Tuesday, 26 October 2010


This photo was first posted five years ago, and yesterday the women of Iceland walked out of their jobs again. An estimated 80,000 protesters throughout the country took part in this year's official Kvennafrí.

This is the the text from my original post:
Here is just a sampling of the nearly 50,000 women (and a couple hundred men) who took to the streets of Reykjavik on Monday to protest wage discrimination here in Iceland. At 2:08 pm, many thousands of women left their jobs for the day to meet up in front of Hallgrímskirkja and march down Skólavörðurstígur.

Why the odd time of day? Well, some clever statisticians figured out that that is the time of day when men, on average, make what it takes a woman to make for a full 8-hour work day. Not such a pretty picture, is it?

The date, October 24th, commemorates thirty years since women throughout Iceland walked out of work, all work. Even the daily chores of home and hearth. Iceland basically shut down for a day. The men were in shock, the children hungry. It was an amazing moment in Icelandic history...

The day was successful in raising awareness, once again, of women's place in modern society. But it's ultimately up to us parents, aunts and uncles and instructors to teach our children, boys and girls alike, to respect and value each other as members of the same nation and, ultimately, the same human race.

P.s. the signs say "We deserve better"

Sunday, 24 October 2010


Sport, originally uploaded by blue eyes.

This photo was first posted in October 2006. I love the colors, so it's getting a re-post four years later.

Sunday, 17 October 2010


GUEST PHOTOGRAPHER: Manny Santiago Iceland Airwaves has been going on this weekend, and as usual, our little city has been throbbing and pulsing to the sounds of the over 250 musicians who have graced the festival's many stages. The annual influx of visitors that fill the Reykjavik city streets during the five day fest are a welcome bit of international flavor, and the city is always a bit duller when they have gone.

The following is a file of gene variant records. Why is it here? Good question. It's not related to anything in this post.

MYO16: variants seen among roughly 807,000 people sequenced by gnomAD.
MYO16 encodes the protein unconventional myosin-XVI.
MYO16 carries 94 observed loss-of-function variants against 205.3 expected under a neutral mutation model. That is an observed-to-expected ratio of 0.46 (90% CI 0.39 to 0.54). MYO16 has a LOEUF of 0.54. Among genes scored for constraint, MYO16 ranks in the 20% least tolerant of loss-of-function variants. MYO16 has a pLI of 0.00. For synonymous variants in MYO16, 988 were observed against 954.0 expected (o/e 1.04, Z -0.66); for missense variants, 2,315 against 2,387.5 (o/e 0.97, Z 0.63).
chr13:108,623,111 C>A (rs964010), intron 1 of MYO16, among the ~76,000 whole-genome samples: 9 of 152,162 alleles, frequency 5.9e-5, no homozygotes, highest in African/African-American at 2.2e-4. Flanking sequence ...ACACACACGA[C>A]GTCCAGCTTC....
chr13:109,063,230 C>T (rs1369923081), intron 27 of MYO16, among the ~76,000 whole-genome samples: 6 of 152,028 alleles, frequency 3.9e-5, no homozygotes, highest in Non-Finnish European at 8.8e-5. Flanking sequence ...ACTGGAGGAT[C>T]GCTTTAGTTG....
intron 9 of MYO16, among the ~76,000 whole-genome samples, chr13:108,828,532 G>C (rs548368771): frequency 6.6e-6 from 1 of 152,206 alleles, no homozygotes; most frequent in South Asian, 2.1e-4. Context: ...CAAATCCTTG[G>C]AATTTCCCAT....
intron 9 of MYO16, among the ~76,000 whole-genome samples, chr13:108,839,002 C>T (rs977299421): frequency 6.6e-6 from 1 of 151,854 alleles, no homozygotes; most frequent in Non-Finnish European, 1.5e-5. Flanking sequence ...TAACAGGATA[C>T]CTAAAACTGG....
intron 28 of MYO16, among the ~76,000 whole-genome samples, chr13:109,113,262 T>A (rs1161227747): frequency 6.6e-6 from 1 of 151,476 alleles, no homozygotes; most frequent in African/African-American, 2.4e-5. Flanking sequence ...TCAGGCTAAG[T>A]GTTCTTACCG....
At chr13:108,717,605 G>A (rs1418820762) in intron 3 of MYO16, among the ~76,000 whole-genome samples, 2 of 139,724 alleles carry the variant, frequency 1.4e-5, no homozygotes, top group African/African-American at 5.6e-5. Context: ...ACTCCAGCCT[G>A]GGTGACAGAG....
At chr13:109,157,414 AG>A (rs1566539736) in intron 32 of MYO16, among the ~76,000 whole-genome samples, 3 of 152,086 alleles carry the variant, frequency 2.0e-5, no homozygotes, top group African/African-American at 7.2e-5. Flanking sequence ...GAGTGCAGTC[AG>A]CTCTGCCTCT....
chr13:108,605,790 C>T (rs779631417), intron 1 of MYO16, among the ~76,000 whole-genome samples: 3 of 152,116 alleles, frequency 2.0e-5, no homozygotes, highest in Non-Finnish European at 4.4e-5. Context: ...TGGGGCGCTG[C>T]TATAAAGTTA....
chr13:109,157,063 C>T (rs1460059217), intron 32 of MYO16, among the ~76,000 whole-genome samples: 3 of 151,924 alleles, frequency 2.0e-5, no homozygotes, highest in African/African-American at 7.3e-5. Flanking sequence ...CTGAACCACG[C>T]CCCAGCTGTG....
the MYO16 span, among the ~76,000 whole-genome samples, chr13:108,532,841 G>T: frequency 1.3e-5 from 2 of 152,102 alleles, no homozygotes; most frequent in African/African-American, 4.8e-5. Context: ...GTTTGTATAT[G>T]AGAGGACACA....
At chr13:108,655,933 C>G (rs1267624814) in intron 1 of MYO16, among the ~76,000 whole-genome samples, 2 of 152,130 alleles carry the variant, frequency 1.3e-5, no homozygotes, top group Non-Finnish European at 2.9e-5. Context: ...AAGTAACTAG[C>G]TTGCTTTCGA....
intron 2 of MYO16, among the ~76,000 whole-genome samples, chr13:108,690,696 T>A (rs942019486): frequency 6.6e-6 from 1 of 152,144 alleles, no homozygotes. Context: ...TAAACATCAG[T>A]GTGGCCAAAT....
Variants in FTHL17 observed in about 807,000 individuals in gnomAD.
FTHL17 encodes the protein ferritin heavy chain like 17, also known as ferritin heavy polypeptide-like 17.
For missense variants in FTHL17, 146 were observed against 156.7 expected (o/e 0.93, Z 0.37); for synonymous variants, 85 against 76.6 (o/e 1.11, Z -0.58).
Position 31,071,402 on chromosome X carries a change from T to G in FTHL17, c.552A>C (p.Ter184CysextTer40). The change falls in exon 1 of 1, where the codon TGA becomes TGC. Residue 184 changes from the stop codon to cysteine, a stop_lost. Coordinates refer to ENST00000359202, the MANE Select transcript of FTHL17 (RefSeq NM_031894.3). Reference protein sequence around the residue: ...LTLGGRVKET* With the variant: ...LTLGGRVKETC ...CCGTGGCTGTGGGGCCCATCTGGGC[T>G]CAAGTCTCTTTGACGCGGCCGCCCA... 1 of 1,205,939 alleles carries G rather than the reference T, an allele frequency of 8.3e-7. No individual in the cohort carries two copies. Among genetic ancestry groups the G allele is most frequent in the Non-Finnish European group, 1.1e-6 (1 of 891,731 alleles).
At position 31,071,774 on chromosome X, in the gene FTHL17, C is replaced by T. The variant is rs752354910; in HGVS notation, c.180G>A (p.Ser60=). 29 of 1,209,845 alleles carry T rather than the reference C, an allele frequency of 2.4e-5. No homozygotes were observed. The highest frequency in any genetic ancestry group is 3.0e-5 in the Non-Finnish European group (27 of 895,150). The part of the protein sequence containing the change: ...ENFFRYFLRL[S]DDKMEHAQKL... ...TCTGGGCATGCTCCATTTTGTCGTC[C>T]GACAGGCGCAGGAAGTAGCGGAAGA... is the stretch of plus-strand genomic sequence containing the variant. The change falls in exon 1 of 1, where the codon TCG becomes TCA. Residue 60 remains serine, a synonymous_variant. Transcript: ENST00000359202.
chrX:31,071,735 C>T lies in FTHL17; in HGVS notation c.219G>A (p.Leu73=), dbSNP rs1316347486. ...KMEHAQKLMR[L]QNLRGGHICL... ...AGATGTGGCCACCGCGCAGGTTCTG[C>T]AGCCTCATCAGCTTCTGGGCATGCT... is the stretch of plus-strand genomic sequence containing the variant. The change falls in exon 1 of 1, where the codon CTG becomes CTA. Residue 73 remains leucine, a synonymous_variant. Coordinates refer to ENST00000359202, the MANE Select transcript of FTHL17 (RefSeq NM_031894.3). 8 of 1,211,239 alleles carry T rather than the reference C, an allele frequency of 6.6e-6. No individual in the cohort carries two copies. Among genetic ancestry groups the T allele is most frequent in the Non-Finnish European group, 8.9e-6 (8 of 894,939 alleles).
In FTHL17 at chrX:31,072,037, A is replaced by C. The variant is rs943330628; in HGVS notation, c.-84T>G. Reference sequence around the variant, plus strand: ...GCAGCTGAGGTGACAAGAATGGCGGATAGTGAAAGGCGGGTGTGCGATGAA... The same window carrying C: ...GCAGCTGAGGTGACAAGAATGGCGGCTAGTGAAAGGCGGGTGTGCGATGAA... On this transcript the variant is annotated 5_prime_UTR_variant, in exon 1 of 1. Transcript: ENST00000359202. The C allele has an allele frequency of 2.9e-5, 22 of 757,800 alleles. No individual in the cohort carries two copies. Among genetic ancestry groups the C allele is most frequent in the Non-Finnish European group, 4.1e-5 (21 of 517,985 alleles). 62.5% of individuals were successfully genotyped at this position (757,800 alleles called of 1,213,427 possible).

In this photo by Manny (a Chicago-bred DJ and event producer who most recently did a stint at Gogogic, an Icelandic multi-platform game design studio) Swedish electropop artist Robyn dazzles a wild crowd at the Reykjavik Art Museum. Manny, and many others, were absolutely thrilled.

Thursday, 7 October 2010



This gorgeous and evocative photo is of the woods at Skorradalur, in the Borgafjörður region less than an hour's drive north of Reykjavik. To see more of his work, please visit his photo site here.

It's in times like these (see here for details) that scenes of natural beauty, both in its growth and in its decay, remind us of the inevitable cycles of life, and that taking moments aside to re-commune with our outdoors is the very best remedy for the pains of our personal, and national, souls.

Tómas, who goes by the alias of Tomio Newmilk, is, as well as being a fantastic photographer, also a musician in the duet Quadruplos. You should check out their page here.

Monday, 4 October 2010


This photo originally appeared on Iceland Eyes in October 2007. It was also selected by my editor to be in our book, Reykjavik (you can read a review of the book here). It's a somehow evocative shot, and fits well with Vala Arnadóttir's image in the previous post : )

From the original post in October 2007: Something about this scene, even though it involves a trash can, seemed pretty to me. Probably the colors, and the idea that the owner of this double stroller has passed out of that phase of their life and is moving on. Out with the old and all that.

The city of Reykjavik has also been cleaning house recently, saying good riddance to our mayor of a year and a half due to a scandal involving a public utility and private profiteers. It's a complicated series of events involving power plays, money and alliances that, frankly, are beyond my desire to understand. Ahh, politics. Sometimes a simple scene like the one above and the story it seems to tell are very welcome in our often overly-convoluted civic lives.

Our political situation is not any prettier three years later but is, as a matter of fact, much worse. As usual, I will let the Reykjavik Grapevine tell you all more about our latest protests.

In the meantime, perform a little random act of kindness, ok?